Potential subjects were identified from computer pharmacy records at the New Mexico VA Health Care System, the Carl T. Hayden VA Medical Center, and the Southern Arizona VA Health Care System. Candidates were randomly sampled using microcomputer-generated random numbers. Patients were eligible for this study if they developed diabetes after the age of 35 years, had no history of diabetic ketoacidosis, took at least 1 injection of a long-acting insulin preparation daily, and did not self-titrate their insulin doses. They were excluded if they had a history of alcoholism or other substance abuse; had chronic liver disease, pancreatic insufficiency, a chronic infectious disease, or an endocrinopathy associated with abnormal glucose homeostasis; had a most recent creatinine value of greater than 3.0 mg/dL (264 µmol/L); received glucocorticoids or immunosuppressive drugs; were being treated with an insulin pump; or had a life-expectancy of less than 1 year.
Eligible subjects were required to have stable diabetes for at least 2 months. Diabetes was considered stable if (1) the daily insulin dose was increased by no more than 10 U or 15% of the baseline dose, whichever was smaller; (2) no new oral medications were prescribed; and (3) the dose of established oral medications was not increased. At entry, subjects completed questionnaires on their disease complications, disabilities, physical activities, treatment regimens, and dietary habits. We also measured height, weight, and HbA1c. A Tosoh (Grove City, Ohio) high-performance liquid chromatography method was used at each study site to measure HbA1c.
Research coordinators trained subjects to correctly use a glucose test meter and observed them taking readings until they could generate reproducible results. The first 218 subjects enrolled in this study were instructed to measure blood glucose levels before breakfast, before lunch, before dinner, and at bedtime for 8 weeks. Subjects returned to the coordinator at 4 and 8 weeks to have their glucose test meters downloaded and provide blood samples for HbA1c. GLUMEAN refers to the mean blood glucose for the 8-week period, while GLUSD refers to the 8-week glucose standard deviation.
After completing this protocol, subjects resumed testing their blood glucose levels in their customary manner. Blood glucose readings were obtained with Comfort Curve test strips and an electronic blood glucose test meter (AccuChek Complete, Roche Diagnostics, Indianapolis, Ind) capable of storing 1000 readings and their dates and times. Subjects made follow-up visits to the research coordinators at 26, 39, and 52 weeks. At these visits, research coordinators observed subjects performing SMBG, identified all hypoglycemic events captured by the glucose test meters, and measured HbA1c. Hypoglycemia was defined as a blood glucose level of 60 mg/dL or less (≤3.33 mmol/L). During follow-up, research personnel made no recommendations or referrals regarding diabetes management and deferred all treatment decisions to the primary care provider. However, investigators notified the primary care provider immediately for all emergency findings.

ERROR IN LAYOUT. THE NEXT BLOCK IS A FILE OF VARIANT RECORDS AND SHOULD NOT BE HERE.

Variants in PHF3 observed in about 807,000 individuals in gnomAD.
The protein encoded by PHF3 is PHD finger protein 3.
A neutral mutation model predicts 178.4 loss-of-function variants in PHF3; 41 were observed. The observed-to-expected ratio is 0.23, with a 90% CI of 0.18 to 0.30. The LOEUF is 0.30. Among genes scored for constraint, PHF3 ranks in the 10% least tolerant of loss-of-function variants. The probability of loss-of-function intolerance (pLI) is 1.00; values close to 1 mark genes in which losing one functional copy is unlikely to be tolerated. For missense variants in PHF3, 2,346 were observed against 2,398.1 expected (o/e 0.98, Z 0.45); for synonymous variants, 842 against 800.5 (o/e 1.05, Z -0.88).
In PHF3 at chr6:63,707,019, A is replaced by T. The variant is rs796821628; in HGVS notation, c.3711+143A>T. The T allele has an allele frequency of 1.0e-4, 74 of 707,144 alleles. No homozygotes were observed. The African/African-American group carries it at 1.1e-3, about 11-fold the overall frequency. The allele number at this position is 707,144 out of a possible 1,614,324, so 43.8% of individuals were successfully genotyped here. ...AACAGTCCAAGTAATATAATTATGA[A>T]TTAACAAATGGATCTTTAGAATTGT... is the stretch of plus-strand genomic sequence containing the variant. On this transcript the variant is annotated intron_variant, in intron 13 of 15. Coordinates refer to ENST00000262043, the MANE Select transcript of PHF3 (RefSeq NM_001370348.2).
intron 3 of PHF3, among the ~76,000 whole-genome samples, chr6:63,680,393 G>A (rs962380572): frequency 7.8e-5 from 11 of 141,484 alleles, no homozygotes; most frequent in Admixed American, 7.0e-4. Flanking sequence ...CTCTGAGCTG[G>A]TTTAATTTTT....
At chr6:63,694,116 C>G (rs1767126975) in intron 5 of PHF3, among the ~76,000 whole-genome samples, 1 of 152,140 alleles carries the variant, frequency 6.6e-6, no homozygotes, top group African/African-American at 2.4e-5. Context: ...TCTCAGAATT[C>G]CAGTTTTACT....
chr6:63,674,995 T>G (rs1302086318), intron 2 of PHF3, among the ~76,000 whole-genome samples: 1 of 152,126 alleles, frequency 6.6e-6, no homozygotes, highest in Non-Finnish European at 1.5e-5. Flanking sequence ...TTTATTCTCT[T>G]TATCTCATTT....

Informed consent was obtained from all subjects. This protocol, which covered both the initial evaluation and follow-up period, was approved by the institutional review boards at the participating medical centers.
The principal hypothesis for this study was that the risk of hypoglycemia could be expressed as a function of mean blood glucose and its variability. The SMBG data were used to develop and validate a multivariate model for estimating their contributions to this risk. Computer-generated random numbers were used to assign approximately 40% of subjects to a derivation set and 60% to a validation set.
Each subject in the derivation set was assigned to 1 of 3 groups based on the number of hypoglycemic events observed during the 8 weeks of intensified SMBG. The first group (group 0) comprised those who did not develop hypoglycemia. The remaining patients were divided into 2 groups depending on whether the number of events was less than or equal to (group 1) or greater than (group 2) the median number of hypoglycemic events in patients who developed hypoglycemia. This classification was necessary because the skewed distribution of hypoglycemic events made it unsuitable for use as a dependent variable in multiple linear regression. The groupings represented a ranking of subjects by hypoglycemia frequency. The group number was therefore treated as an ordinal variable.
Polychotomous logistic regression for an ordinal dependent variable was used to examine the effect of the glucose parameters on group membership.13 The dependent variable was the group number. The candidate predictor variables were GLUMEAN and GLUSD. The output of this analysis was the probability of membership in all groups exceeding each level of the grouping variable. Because there were 3 such levels (0, 1, and 2), the procedure generated 2 probabilities—the probability of belonging to a group >0 [P(group>0)] and the probability of belonging to a group >1 [P(group>1)]. Note that P(group>0) was the probability of developing at least one episode of hypoglycemia during the 8 weeks of intensified monitoring, whereas P(group>1) was the probability of developing hypoglycemia at a rate exceeding the median frequency.